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Doctors warn about red meat allergy caused by some tick bites

A bite from a lone star tick can cause a meat allergy called alpha-gal syndrome (AGS).

STROUD TOWNSHIP, PA — Lyme disease is the most common tick-borne illness found across northeastern and central Pennsylvania.

But a new one may be emerging. 

Dr. Jeffrey Jahre, the senior vice president of medical and academic affairs at St. Luke's near Bartonsville, says a bite from a "lone star" tick can cause a meat allergy called alpha-gal syndrome (AGS).

"Alpha-gal is a shortened version of a name for sugar or carbohydrate that is found in all non-primate mammals' red meat," Sr. Jahre said. "We're primarily talking about here beef, pork, and lamb."

Dr. Jahre says it all starts when a lone star tick bites a cow or other animal that is used for meat, and then that same tick bites a human. The allergy is then passed to the person through the tick's salvia.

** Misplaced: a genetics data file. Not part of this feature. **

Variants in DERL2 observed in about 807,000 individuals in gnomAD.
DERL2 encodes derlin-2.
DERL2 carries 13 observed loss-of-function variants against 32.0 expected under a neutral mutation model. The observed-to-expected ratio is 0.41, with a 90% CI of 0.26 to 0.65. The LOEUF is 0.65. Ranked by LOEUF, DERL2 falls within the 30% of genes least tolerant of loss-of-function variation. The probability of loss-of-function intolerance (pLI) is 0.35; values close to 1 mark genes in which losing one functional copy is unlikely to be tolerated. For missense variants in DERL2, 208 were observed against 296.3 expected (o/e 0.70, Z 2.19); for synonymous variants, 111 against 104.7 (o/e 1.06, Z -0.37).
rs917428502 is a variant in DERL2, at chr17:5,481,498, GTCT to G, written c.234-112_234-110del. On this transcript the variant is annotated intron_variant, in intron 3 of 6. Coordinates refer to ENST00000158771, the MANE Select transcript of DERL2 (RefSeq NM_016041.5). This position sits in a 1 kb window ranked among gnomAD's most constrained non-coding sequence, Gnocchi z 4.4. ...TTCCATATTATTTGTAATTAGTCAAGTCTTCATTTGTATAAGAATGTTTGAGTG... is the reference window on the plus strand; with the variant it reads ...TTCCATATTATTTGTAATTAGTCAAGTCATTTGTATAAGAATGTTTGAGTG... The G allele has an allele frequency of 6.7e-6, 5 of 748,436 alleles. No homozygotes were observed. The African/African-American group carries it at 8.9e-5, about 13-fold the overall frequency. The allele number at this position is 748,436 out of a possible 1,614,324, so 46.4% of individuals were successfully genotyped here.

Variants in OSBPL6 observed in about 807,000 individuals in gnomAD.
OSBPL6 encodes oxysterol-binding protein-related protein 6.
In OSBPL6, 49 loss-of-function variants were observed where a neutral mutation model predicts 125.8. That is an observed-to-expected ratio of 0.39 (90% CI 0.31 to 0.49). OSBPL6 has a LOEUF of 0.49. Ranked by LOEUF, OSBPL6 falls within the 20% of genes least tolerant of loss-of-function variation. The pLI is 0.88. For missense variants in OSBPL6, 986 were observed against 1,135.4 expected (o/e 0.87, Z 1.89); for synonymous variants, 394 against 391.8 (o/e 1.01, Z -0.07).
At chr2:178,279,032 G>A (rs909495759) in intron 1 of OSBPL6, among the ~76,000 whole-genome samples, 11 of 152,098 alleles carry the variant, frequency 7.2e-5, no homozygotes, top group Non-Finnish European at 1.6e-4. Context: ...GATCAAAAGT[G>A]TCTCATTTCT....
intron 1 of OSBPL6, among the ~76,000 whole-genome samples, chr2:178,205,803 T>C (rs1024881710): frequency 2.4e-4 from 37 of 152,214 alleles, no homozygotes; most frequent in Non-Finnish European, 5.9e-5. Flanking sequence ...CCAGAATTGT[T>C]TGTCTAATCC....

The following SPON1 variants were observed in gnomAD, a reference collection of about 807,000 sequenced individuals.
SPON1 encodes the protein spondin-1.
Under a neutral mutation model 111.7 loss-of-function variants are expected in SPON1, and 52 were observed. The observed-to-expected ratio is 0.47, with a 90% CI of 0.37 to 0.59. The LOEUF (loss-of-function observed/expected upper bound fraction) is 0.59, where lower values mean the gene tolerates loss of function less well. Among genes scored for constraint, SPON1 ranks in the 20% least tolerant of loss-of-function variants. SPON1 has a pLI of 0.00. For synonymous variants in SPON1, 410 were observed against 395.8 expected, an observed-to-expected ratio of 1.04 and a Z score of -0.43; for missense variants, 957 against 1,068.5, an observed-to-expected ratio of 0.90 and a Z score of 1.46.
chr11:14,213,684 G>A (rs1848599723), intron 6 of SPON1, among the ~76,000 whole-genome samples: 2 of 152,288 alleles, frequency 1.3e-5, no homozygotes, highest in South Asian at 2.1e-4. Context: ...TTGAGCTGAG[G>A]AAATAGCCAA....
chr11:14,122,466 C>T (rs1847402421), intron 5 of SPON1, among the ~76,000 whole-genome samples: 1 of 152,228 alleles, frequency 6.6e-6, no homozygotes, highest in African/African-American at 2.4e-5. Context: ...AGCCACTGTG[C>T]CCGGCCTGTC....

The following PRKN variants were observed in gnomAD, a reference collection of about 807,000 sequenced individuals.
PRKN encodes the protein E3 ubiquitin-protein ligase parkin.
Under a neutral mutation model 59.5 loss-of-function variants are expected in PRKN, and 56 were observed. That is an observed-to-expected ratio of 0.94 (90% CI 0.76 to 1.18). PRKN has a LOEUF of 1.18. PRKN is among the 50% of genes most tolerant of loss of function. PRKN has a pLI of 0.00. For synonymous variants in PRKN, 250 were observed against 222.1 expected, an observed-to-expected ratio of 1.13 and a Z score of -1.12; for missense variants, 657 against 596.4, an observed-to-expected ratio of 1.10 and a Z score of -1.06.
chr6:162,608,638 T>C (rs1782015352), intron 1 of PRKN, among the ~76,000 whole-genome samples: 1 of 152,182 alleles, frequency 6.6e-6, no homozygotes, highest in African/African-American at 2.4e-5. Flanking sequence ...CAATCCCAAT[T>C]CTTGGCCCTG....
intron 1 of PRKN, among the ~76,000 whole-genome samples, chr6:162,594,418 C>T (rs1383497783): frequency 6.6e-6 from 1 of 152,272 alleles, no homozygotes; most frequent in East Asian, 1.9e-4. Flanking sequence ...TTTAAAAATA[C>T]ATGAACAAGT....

Dr. Jahre says symptoms of Alpha-gal syndrome include an itchy rash, swelling of the lips, and closing of the throat. 

But that's not all.

"2-6 hours after they eat any kind of red meat, they may develop issues with their digestive system," Dr. Jahre said. "That can have to do with abdominal pain, diarrhea, and general indigestion, and particularly it can keep them up at night."

According to Dr. Jahre, the lone star tick is the most common in the southeastern, central part of the states. But is starting to work its way into our region. 

The biggest issue with the new allergy, Dr. Jahre points out, is that many clinicians aren't even aware it exists, let alone how to diagnose it.

"Many people have had this diagnosis but haven't been adequately diagnosed because it just wasn't well known. So there is a blood test that can be done," Dr. Jahre said. "It's usually primarily done by an allergist; if they have the appropriate symptoms and the positive blood test, then at least they know."

Dr. Jahre says the best way to protect yourself when you go outside is to use insect repellant, avoid wooded areas, and inspect yourself for ticks when you get home.

If you are diagnosed with the meat allergy, the CDC says the best thing to do is stop eating meat.  

For more information on alpha-gal syndrome (AGS), click here.

Check out WNEP’s YouTube channel.

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